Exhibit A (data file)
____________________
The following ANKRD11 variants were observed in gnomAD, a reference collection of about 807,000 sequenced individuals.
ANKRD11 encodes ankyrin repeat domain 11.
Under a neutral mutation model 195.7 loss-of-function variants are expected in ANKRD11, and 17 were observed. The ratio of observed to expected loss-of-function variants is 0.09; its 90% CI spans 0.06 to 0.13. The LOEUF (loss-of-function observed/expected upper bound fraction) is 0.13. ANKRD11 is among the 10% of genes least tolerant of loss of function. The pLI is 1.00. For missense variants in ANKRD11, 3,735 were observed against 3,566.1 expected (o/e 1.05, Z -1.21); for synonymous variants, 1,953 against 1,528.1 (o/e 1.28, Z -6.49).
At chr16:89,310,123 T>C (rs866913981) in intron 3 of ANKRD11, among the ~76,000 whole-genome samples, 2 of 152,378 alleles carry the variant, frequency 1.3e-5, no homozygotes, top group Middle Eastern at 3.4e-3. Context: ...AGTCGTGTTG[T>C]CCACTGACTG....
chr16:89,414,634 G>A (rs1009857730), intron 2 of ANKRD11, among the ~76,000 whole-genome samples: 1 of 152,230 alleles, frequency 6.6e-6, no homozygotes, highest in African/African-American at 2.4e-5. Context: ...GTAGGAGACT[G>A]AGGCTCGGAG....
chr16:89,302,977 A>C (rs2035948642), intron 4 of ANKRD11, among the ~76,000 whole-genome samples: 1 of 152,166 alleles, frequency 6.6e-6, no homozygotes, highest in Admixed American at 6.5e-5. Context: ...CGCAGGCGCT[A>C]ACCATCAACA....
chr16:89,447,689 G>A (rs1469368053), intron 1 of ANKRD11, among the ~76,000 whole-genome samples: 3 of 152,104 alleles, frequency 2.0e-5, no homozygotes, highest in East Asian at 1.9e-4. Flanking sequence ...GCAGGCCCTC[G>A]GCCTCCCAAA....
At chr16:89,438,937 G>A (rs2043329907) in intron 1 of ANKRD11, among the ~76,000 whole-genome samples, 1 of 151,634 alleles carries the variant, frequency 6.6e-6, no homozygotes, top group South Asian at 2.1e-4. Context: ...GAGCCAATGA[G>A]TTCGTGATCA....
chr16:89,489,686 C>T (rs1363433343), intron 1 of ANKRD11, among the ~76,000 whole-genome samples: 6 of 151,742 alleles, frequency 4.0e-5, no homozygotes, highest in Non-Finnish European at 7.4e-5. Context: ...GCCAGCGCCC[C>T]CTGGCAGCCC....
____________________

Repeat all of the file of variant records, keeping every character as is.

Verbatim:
The following ANKRD11 variants were observed in gnomAD, a reference collection of about 807,000 sequenced individuals.
ANKRD11 encodes ankyrin repeat domain 11.
Under a neutral mutation model 195.7 loss-of-function variants are expected in ANKRD11, and 17 were observed. The ratio of observed to expected loss-of-function variants is 0.09; its 90% CI spans 0.06 to 0.13. The LOEUF (loss-of-function observed/expected upper bound fraction) is 0.13. ANKRD11 is among the 10% of genes least tolerant of loss of function. The pLI is 1.00. For missense variants in ANKRD11, 3,735 were observed against 3,566.1 expected (o/e 1.05, Z -1.21); for synonymous variants, 1,953 against 1,528.1 (o/e 1.28, Z -6.49).
At chr16:89,310,123 T>C (rs866913981) in intron 3 of ANKRD11, among the ~76,000 whole-genome samples, 2 of 152,378 alleles carry the variant, frequency 1.3e-5, no homozygotes, top group Middle Eastern at 3.4e-3. Context: ...AGTCGTGTTG[T>C]CCACTGACTG....
chr16:89,414,634 G>A (rs1009857730), intron 2 of ANKRD11, among the ~76,000 whole-genome samples: 1 of 152,230 alleles, frequency 6.6e-6, no homozygotes, highest in African/African-American at 2.4e-5. Context: ...GTAGGAGACT[G>A]AGGCTCGGAG....
chr16:89,302,977 A>C (rs2035948642), intron 4 of ANKRD11, among the ~76,000 whole-genome samples: 1 of 152,166 alleles, frequency 6.6e-6, no homozygotes, highest in Admixed American at 6.5e-5. Context: ...CGCAGGCGCT[A>C]ACCATCAACA....
chr16:89,447,689 G>A (rs1469368053), intron 1 of ANKRD11, among the ~76,000 whole-genome samples: 3 of 152,104 alleles, frequency 2.0e-5, no homozygotes, highest in East Asian at 1.9e-4. Flanking sequence ...GCAGGCCCTC[G>A]GCCTCCCAAA....
At chr16:89,438,937 G>A (rs2043329907) in intron 1 of ANKRD11, among the ~76,000 whole-genome samples, 1 of 151,634 alleles carries the variant, frequency 6.6e-6, no homozygotes, top group South Asian at 2.1e-4. Context: ...GAGCCAATGA[G>A]TTCGTGATCA....
chr16:89,489,686 C>T (rs1363433343), intron 1 of ANKRD11, among the ~76,000 whole-genome samples: 6 of 151,742 alleles, frequency 4.0e-5, no homozygotes, highest in Non-Finnish European at 7.4e-5. Context: ...GCCAGCGCCC[C>T]CTGGCAGCCC....